Mobile Telephone System

Only available on StudyMode
  • Download(s) : 1529
  • Published : March 9, 2013
Open Document
Text Preview
Mobile Telephone System
* First generation (1G) analog cellular network
* Second generation (2G) digital cellular networks
* Third generation (3G) broadband
data services to the current state of the art
* Fourth generation (4G) native-IP networks.
1G (or 1-G) refers to the first-generation of wireless telephone technology, mobile telecommunications. These are the analog telecommunications standards that were introduced in the 1980s. The main difference between two succeeding mobile telephone systems, 1G and 2G, is that the radio signals that 1G networks use are analog, while 2G networks are digital. 1G standards

* NMT (Nordic Mobile Telephone)
- Switzerland
- Netherlands
- Eastern Europe
- Russia
* AMPS (Advanced Mobile Phone System)
- Northern Amera
- Australia
* TACS (Total Access Communications System)
- United Kingdom
-Western Germany
- Portugal
- South Africa

NMT (Nordic Mobile Telephone)
* is the first fully automatic cellular phone system. NMT is based on analog technology (first generation or 1G) and two variants exist: NMT-450 and NMT-900. The numbers indicate the frequency bands uses. NMT-900 was introduced in 1986 because it carries more channels than the previous NMT-450 network. * The cell sizes in an NMT network range from 2 km to 30 km. NMT used full duplex transmission, allowing for simultaneous receiving and transmission of voice. * A disadvantage of the original NMT specification is that voice traffic was not encrypted, therefore it was possible to listen to calls using e.g. a scanner. Advanced Mobile Telephone Systems (AMPS)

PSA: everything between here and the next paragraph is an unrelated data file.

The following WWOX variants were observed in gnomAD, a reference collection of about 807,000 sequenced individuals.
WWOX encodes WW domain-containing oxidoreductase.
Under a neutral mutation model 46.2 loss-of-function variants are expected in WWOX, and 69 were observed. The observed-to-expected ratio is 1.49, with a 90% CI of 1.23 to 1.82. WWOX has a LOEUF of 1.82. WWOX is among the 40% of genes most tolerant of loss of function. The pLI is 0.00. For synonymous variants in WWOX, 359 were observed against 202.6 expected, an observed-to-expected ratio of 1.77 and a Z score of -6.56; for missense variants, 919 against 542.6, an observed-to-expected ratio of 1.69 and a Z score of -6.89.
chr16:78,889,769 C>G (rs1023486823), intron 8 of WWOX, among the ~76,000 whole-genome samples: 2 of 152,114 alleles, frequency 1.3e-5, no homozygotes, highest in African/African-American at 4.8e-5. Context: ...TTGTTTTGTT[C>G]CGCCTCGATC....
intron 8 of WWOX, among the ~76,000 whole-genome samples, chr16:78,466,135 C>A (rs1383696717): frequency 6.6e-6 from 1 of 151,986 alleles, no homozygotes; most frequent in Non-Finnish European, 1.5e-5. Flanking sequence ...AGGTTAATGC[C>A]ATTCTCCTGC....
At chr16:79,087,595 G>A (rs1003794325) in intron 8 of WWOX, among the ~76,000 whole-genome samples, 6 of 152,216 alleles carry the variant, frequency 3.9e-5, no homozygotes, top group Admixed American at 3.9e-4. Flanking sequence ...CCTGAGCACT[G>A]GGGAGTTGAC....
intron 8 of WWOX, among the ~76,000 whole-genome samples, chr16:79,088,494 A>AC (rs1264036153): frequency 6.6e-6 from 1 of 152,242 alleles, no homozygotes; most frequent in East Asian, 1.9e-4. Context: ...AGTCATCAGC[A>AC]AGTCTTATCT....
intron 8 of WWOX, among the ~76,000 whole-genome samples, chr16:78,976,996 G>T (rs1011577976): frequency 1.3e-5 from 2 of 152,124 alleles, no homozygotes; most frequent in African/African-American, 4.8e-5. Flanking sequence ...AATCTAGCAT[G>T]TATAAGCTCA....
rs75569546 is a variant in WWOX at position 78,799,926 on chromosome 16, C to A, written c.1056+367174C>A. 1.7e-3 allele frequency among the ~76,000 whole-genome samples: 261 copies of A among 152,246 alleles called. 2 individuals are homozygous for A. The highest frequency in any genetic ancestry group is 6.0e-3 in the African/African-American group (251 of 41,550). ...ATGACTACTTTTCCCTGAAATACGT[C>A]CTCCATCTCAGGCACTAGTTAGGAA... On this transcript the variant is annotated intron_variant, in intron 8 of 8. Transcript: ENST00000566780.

* is an analog mobile phone system standard developed by Bell Labs, and officially introduced in the Americas in 1978, Israel in 1986, and Australia in 1987. It was the primary analog mobile phone system in North America (and other locales) through the 1980s and into the 2000s. As of February 18, 2008, carriers in the United States were no longer required to support AMPS and companies such as AT&T and Verizon have discontinued this service permanently. AMPS was discontinued in Australia in September 2000. *  Dr. Martin Cooper, developed portable cellular telephony, and Mitchell was among the Motorola employees granted a patent for this work in 1973 * AMPS is a first-generation cellular technology that uses separate frequencies, or "channels", for each conversation. It therefore required considerable bandwidth for a large number of users. In general terms, AMPS was very similar to the older "0G" Improved Mobile Telephone Service, but used considerably more computing power in order to select frequencies, hand off conversations to PSTN lines, and handle billing and call setup. * What really separated AMPS from older systems is the "back end" call setup functionality. In AMPS, the cell centers could flexibly assign channels to handsets based on signal strength, allowing the same frequency to be re-used in various locations without interference. This allowed a larger number of phones to be supported over a geographical area. AMPS pioneers coined the term "cellular" because of its use of small hexagonal "cells" within a system. * AMPS was originally standardized by ANSI as EIA/TIA/IS-3. EIA/TIA/IS-3 was superseded by EIA/TIA-553 and TIA interim standard IS-91 (Narrowband Advanced Mobile Phone System) Total Access Communication System (TACS)

* Total Access Communication System (TACS) and ETACS are mostly-obsolete variants of AMPS which were used in some European countries (including the UK & Ireland in 1983). TACS was also used in Japan under the name Japanese Total Access Communication (JTAC). It was also used in Hong Kong. ETACS was an extended version of TACS with more channels. Second Generation (Digital Cellular Networks)

* Or 2G, it is short for second-generation wireless telephone technology. Second generation 2G cellular telecom networks were commercially launched on the GSM standard in...
tracking img